Móyshe Shagál (the Hebrew name of Marc Chagall) was born on July 7, 1887 in Liozno, near Vitebsk, Russia (now Belarus). As a child, he showed promise as an artist and in 1907, after moving to St. Petersburg, he studied at the Imperial School of Fine Arts, and privately under Russian artist Léon Bakst at the Zvantseva School of Drawing and Painting.
After gaining some success in St. Petersburg, Chagall moved to Paris in 1910 and would spend most of his life there. During his first years, he met members of the avant-garde such as Modigliani, Delaunay, Leger and others working in the cubist style. Chagall was influenced by Fauvism, Cubism, and the Paris School, however his art was a blend of his own style of fantasy and his unique way of depicting events and separating them by time and space in a single composition. Chagall painted his memories of his life in Russia and Jewish folklore, biblical stories, and the circus were often themes in his artwork. He had his first solo exhibition at the Galerie Der Sturm in Berlin in 1914.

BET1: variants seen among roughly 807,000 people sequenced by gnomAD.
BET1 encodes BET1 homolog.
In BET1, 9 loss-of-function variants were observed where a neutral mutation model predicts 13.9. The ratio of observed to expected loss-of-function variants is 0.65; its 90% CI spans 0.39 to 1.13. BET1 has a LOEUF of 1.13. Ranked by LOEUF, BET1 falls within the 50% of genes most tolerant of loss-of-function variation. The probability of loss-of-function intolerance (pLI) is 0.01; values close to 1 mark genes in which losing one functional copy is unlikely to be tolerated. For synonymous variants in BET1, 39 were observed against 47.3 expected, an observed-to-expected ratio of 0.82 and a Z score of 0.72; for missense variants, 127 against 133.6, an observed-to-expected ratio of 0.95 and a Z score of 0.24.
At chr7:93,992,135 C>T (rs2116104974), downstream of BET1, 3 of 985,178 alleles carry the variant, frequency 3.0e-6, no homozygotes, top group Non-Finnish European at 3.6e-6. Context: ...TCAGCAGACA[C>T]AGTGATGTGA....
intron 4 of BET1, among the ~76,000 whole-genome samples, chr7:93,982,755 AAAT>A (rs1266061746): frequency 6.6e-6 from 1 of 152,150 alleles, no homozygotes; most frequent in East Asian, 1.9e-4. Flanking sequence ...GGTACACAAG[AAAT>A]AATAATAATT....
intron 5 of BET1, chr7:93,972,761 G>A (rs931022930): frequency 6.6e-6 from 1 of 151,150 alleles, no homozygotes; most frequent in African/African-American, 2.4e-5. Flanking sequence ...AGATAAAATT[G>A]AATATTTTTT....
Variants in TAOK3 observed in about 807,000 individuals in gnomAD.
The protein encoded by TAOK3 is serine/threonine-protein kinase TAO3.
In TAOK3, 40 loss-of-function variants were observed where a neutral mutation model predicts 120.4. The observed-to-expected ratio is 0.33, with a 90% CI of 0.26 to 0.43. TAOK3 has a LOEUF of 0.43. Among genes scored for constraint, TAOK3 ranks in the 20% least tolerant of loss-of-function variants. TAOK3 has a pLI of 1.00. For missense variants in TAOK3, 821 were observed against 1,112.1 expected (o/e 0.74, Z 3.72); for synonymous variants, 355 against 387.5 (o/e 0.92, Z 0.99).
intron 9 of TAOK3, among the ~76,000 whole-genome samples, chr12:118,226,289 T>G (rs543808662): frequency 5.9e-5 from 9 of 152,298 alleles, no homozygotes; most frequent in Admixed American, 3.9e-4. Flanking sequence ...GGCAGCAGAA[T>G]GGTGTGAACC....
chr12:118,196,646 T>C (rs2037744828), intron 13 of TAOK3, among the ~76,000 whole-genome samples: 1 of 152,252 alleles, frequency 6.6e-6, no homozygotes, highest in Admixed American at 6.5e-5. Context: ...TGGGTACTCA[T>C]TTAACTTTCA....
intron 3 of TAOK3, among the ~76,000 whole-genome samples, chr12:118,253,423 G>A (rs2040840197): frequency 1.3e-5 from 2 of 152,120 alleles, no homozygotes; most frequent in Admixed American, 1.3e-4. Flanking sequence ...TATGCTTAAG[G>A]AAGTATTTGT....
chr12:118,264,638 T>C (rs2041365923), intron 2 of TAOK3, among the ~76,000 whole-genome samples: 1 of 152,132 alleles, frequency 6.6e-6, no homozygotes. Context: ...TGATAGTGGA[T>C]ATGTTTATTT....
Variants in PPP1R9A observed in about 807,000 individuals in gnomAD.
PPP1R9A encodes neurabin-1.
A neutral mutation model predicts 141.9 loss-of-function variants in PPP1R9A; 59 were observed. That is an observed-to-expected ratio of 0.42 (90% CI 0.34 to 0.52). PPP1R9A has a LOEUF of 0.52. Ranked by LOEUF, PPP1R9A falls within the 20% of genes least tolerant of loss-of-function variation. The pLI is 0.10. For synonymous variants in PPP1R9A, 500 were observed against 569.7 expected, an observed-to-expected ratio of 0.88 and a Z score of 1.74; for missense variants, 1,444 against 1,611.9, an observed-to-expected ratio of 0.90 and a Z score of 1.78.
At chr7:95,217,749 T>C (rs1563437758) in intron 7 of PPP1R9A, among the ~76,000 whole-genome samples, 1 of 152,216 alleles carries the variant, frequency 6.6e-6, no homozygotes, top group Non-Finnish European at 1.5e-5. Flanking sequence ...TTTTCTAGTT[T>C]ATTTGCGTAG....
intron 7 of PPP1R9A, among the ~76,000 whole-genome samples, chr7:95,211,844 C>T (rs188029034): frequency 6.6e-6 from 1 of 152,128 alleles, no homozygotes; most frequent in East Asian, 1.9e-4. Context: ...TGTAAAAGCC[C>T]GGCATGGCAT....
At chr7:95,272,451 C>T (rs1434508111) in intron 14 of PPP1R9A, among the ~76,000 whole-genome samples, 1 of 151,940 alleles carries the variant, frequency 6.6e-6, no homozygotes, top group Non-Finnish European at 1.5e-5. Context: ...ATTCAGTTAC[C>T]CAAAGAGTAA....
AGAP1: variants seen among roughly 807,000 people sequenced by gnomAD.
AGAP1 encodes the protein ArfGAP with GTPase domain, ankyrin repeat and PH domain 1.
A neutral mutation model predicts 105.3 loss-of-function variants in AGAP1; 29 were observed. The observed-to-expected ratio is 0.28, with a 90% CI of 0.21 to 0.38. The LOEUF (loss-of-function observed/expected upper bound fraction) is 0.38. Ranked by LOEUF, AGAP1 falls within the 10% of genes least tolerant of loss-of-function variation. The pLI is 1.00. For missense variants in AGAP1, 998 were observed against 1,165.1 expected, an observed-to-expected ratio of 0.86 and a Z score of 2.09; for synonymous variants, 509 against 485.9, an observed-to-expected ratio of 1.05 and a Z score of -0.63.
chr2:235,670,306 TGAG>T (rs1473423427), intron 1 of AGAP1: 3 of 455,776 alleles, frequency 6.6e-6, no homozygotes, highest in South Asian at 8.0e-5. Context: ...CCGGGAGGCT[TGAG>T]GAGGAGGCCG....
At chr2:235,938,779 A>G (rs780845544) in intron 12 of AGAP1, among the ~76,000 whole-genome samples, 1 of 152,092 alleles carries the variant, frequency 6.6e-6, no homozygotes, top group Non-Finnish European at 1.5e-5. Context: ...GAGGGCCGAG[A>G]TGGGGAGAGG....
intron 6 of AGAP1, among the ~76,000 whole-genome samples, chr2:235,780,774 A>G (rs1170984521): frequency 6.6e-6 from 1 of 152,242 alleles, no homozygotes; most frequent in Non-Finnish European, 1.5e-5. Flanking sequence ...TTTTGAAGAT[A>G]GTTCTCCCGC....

Chagall returned to Vitebsk in 1914, and a year later he married Bella Rosenfeld. The outbreak of World War I kept the Chagalls in Russia and in 1916, Bella gave birth to their daughter Ida. An active participant in the Russian Revolution of 1917, Chagall was Commissar of Art for the Vitebsk region and founded the Vitebsk Museum of Modern Art and an art school. However, life under the Soviet system where Jews were considered non-persons was difficult for the Chagalls. He and Bella moved back to Paris in 1922.
In 1941, with the Nazi occupation of France, the Chagalls escaped Paris to the United States where Bella died in 1944. In 1945, he began a relationship with his housekeeper Virginia Haggard McNeil, with whom he had a son, David. They returned to France in 1948 but separated in 1952, and Chagall married Valentina Brodsky.
Chagall was a pioneer of modernism and was as popular during his lifetime as he is today. A versatile artist, Chagall also produced drawings, prints, etchings, ceramics, book illustrations, stage designs and was a major artist in stained glass. In his later years, he received numerous commissions for murals and decorative projects that made him a celebrity around the world.
Chagall had a long, prolific career and when he died of a heart attack on March 28, 1985 at the age of 97, the front-page headline in The New York Times declared him to be “One of Modern Art’s Giants.”